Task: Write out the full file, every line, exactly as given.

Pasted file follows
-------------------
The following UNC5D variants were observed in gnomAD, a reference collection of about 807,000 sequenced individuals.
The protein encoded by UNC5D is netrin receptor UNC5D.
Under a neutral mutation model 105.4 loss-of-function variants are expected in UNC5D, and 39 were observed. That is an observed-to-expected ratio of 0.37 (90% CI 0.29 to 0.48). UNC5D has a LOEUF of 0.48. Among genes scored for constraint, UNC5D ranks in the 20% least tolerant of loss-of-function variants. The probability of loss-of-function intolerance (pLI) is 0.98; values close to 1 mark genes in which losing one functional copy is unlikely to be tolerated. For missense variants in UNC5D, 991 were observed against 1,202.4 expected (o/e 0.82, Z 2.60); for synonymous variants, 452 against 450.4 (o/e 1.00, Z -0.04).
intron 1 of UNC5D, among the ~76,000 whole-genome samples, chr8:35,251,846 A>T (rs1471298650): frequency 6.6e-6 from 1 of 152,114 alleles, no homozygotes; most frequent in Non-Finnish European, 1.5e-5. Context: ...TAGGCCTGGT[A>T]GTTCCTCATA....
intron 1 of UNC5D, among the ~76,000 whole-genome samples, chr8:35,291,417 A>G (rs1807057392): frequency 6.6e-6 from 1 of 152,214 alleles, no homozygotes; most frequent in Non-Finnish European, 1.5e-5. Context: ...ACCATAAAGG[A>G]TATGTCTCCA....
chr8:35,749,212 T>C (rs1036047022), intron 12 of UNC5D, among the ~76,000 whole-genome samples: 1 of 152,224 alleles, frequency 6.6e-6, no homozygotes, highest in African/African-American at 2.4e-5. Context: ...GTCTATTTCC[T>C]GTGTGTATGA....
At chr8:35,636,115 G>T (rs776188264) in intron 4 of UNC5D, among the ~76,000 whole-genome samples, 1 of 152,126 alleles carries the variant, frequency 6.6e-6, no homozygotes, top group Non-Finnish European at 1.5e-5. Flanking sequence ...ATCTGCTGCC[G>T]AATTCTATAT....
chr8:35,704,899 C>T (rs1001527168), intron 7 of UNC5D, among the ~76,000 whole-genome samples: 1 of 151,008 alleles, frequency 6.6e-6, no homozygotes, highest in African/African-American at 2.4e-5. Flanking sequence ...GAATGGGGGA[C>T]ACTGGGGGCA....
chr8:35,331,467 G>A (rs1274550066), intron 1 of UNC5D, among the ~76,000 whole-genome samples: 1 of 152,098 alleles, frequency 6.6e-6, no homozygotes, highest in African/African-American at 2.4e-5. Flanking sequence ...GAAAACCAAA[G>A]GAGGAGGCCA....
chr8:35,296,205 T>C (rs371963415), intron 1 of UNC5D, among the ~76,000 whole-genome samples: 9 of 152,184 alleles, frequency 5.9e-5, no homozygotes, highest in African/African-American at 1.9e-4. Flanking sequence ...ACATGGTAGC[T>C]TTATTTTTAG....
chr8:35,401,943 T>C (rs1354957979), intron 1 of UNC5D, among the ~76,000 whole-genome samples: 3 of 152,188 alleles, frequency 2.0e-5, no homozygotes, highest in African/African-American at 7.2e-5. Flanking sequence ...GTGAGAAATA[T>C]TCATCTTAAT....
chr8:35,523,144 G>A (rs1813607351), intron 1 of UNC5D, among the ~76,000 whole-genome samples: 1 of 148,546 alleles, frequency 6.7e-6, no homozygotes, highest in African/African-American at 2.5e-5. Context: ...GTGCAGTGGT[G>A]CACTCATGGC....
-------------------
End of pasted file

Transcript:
The following UNC5D variants were observed in gnomAD, a reference collection of about 807,000 sequenced individuals.
The protein encoded by UNC5D is netrin receptor UNC5D.
Under a neutral mutation model 105.4 loss-of-function variants are expected in UNC5D, and 39 were observed. That is an observed-to-expected ratio of 0.37 (90% CI 0.29 to 0.48). UNC5D has a LOEUF of 0.48. Among genes scored for constraint, UNC5D ranks in the 20% least tolerant of loss-of-function variants. The probability of loss-of-function intolerance (pLI) is 0.98; values close to 1 mark genes in which losing one functional copy is unlikely to be tolerated. For missense variants in UNC5D, 991 were observed against 1,202.4 expected (o/e 0.82, Z 2.60); for synonymous variants, 452 against 450.4 (o/e 1.00, Z -0.04).
intron 1 of UNC5D, among the ~76,000 whole-genome samples, chr8:35,251,846 A>T (rs1471298650): frequency 6.6e-6 from 1 of 152,114 alleles, no homozygotes; most frequent in Non-Finnish European, 1.5e-5. Context: ...TAGGCCTGGT[A>T]GTTCCTCATA....
intron 1 of UNC5D, among the ~76,000 whole-genome samples, chr8:35,291,417 A>G (rs1807057392): frequency 6.6e-6 from 1 of 152,214 alleles, no homozygotes; most frequent in Non-Finnish European, 1.5e-5. Context: ...ACCATAAAGG[A>G]TATGTCTCCA....
chr8:35,749,212 T>C (rs1036047022), intron 12 of UNC5D, among the ~76,000 whole-genome samples: 1 of 152,224 alleles, frequency 6.6e-6, no homozygotes, highest in African/African-American at 2.4e-5. Context: ...GTCTATTTCC[T>C]GTGTGTATGA....
At chr8:35,636,115 G>T (rs776188264) in intron 4 of UNC5D, among the ~76,000 whole-genome samples, 1 of 152,126 alleles carries the variant, frequency 6.6e-6, no homozygotes, top group Non-Finnish European at 1.5e-5. Flanking sequence ...ATCTGCTGCC[G>T]AATTCTATAT....
chr8:35,704,899 C>T (rs1001527168), intron 7 of UNC5D, among the ~76,000 whole-genome samples: 1 of 151,008 alleles, frequency 6.6e-6, no homozygotes, highest in African/African-American at 2.4e-5. Flanking sequence ...GAATGGGGGA[C>T]ACTGGGGGCA....
chr8:35,331,467 G>A (rs1274550066), intron 1 of UNC5D, among the ~76,000 whole-genome samples: 1 of 152,098 alleles, frequency 6.6e-6, no homozygotes, highest in African/African-American at 2.4e-5. Flanking sequence ...GAAAACCAAA[G>A]GAGGAGGCCA....
chr8:35,296,205 T>C (rs371963415), intron 1 of UNC5D, among the ~76,000 whole-genome samples: 9 of 152,184 alleles, frequency 5.9e-5, no homozygotes, highest in African/African-American at 1.9e-4. Flanking sequence ...ACATGGTAGC[T>C]TTATTTTTAG....
chr8:35,401,943 T>C (rs1354957979), intron 1 of UNC5D, among the ~76,000 whole-genome samples: 3 of 152,188 alleles, frequency 2.0e-5, no homozygotes, highest in African/African-American at 7.2e-5. Flanking sequence ...GTGAGAAATA[T>C]TCATCTTAAT....
chr8:35,523,144 G>A (rs1813607351), intron 1 of UNC5D, among the ~76,000 whole-genome samples: 1 of 148,546 alleles, frequency 6.7e-6, no homozygotes, highest in African/African-American at 2.5e-5. Context: ...GTGCAGTGGT[G>A]CACTCATGGC....